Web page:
Organizational communication across cultures with visual mapping: benefits and perils

March 24, 2013

Communicating across cultures is often a challenge: it is easy to imagine that visualization can help us overcome linguistic barriers, but it can actually do much more!

The benefits of visual mapping for cross-cultural communication can be summarized in five main factors:
1. Overcoming linguistic barriers.
2. Providing double cues: When the verbal or textual information is not clear, the visual element can support elaborations and understanding.
3. Seeing the big picture and the relations: Mapping ideas forces to provide links between the contributions. In presence of cultural
differences, this explicitation is useful to convey ideas more clearly.
4. Surface misunderstanding: Visualization, thanks to its concreteness, can help to surface assumptions and misunderstandings by triggering an open discussion.
5. Prevent personal conflict: when ideas are mapped onto a visualization, participants can express their disagreement by referencing the idea visualized, rather than the person who proposed it. This advantage of visual mapping can be particularly useful in intercultural meetings in which the Power Distance  of the participants’ culture is largely different.

However visualization is not free of dangers when used in cross-cultural context: misunderstanding can arise, cause by seven main factors:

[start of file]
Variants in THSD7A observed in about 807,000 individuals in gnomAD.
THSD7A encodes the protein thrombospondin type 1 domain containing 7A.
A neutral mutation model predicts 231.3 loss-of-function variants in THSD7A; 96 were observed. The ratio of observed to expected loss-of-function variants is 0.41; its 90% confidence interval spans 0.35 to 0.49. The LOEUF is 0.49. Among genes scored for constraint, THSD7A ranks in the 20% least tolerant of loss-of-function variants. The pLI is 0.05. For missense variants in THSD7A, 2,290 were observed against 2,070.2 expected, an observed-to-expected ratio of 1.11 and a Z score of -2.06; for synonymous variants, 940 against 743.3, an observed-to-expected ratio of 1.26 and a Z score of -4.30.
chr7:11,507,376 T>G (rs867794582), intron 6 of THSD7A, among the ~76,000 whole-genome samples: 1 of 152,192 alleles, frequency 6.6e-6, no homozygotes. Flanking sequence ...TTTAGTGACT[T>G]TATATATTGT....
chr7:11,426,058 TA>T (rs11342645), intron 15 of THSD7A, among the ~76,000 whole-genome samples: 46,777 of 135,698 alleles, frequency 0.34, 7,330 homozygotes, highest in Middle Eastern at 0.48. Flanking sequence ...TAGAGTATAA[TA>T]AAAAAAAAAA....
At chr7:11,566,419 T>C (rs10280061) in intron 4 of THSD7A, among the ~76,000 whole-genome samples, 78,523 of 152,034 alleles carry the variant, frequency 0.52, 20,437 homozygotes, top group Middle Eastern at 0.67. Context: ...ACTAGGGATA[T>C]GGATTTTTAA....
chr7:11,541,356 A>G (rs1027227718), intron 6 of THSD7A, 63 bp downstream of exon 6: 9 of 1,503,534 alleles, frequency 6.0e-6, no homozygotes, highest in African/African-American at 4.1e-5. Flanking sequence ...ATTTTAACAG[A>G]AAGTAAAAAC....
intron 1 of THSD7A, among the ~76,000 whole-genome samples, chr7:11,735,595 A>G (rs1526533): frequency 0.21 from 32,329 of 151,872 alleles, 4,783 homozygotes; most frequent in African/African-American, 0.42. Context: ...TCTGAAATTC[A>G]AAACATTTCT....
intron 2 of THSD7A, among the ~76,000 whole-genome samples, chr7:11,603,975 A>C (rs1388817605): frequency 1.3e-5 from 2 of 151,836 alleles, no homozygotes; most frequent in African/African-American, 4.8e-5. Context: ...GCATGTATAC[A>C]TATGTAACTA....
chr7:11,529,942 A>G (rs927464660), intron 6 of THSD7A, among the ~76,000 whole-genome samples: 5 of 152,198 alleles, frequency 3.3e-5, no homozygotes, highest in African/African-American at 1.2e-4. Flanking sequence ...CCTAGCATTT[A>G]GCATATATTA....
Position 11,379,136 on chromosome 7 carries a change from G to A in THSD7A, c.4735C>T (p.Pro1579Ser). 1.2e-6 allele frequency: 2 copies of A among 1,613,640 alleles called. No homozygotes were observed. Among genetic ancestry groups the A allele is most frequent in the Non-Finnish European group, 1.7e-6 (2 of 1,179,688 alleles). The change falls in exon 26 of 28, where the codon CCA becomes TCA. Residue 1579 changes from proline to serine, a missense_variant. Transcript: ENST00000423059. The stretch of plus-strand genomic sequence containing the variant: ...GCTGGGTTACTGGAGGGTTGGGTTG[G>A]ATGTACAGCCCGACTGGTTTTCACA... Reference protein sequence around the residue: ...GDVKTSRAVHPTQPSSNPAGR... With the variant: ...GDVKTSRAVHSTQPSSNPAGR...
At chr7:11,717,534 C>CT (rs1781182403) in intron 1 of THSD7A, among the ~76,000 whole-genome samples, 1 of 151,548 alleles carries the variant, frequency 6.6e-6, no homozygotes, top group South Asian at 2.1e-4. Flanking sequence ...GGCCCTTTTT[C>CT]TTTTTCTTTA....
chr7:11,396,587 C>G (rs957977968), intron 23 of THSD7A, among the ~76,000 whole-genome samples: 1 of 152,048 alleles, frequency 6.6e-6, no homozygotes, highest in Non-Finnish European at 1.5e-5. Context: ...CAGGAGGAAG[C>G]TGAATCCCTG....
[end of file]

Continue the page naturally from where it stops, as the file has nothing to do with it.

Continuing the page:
1. Color.
2. Direction: In Arabic and in traditional Chinese language information is read from right to left.
3. Icons and symbols: a handshake symbolizes agreement only in the west. Fork and knife are perceived as an exotic symbol in Asia.
4. Humor: humour is culturally dependent.
5. Visual metaphors: sport metaphors are not understood in coutries where that sport is not practiced.
6. Focus of attention: Westerners focus on the main central objects at the expenses of the background, and Asians focus equally on the background as on the foreground (Nisbett, 2003).
7. Nature of thought: Westerners prefer linear and analytical diagrams while Asians prefer more holistic types of visualizations such as visual metaphors.

If you are interested in more details you can check out my recent publication:  Bresciani, S. (2013). Organizational communication with visual mapping: Comparing East and West. In D. Ingenhoff (Ed.), Internationale PR-Forschung. Konstanz: UVK Verlag.


Knowledge mapping to save lives: happy 200th birthday Dr. Snow

March 17, 2013

March 15th 2013 was the 200th anniversary of Dr. Snow’s birth, the doctor who used visual mapping and discovered the causes of cholera!

As noted by the TED blog, the London School of Hygiene & Tropical Medicine is celebrating the anniversary with a series of events.
What is so special about this map? Visualization expert Prof. Edward Tufte potrays the story and map of Dr. Snow discovery: in 1854 a cholera outbreak was devastating London and causing large number of deaths. He draw a map of the area and plotted the number of deaths with black lines.Do you see any trend?

After mapping the water pumps location, it is quite asy to see that the deaths are concentrated around the Broad Street water pump. And Dr. Snow discovered, through the help of this map, that Cholera is not a viral disease as previosly thought, but is transmitted primarely by contamiated drinking water. The map helped to convince the authories about his theory and thus the handle of the waterpump was removed. The cholera epidemic soon ended.

If you visit London, you can still see the incriminated water pump, which is closed since then, and visit the nearby “John Snow saloon”.

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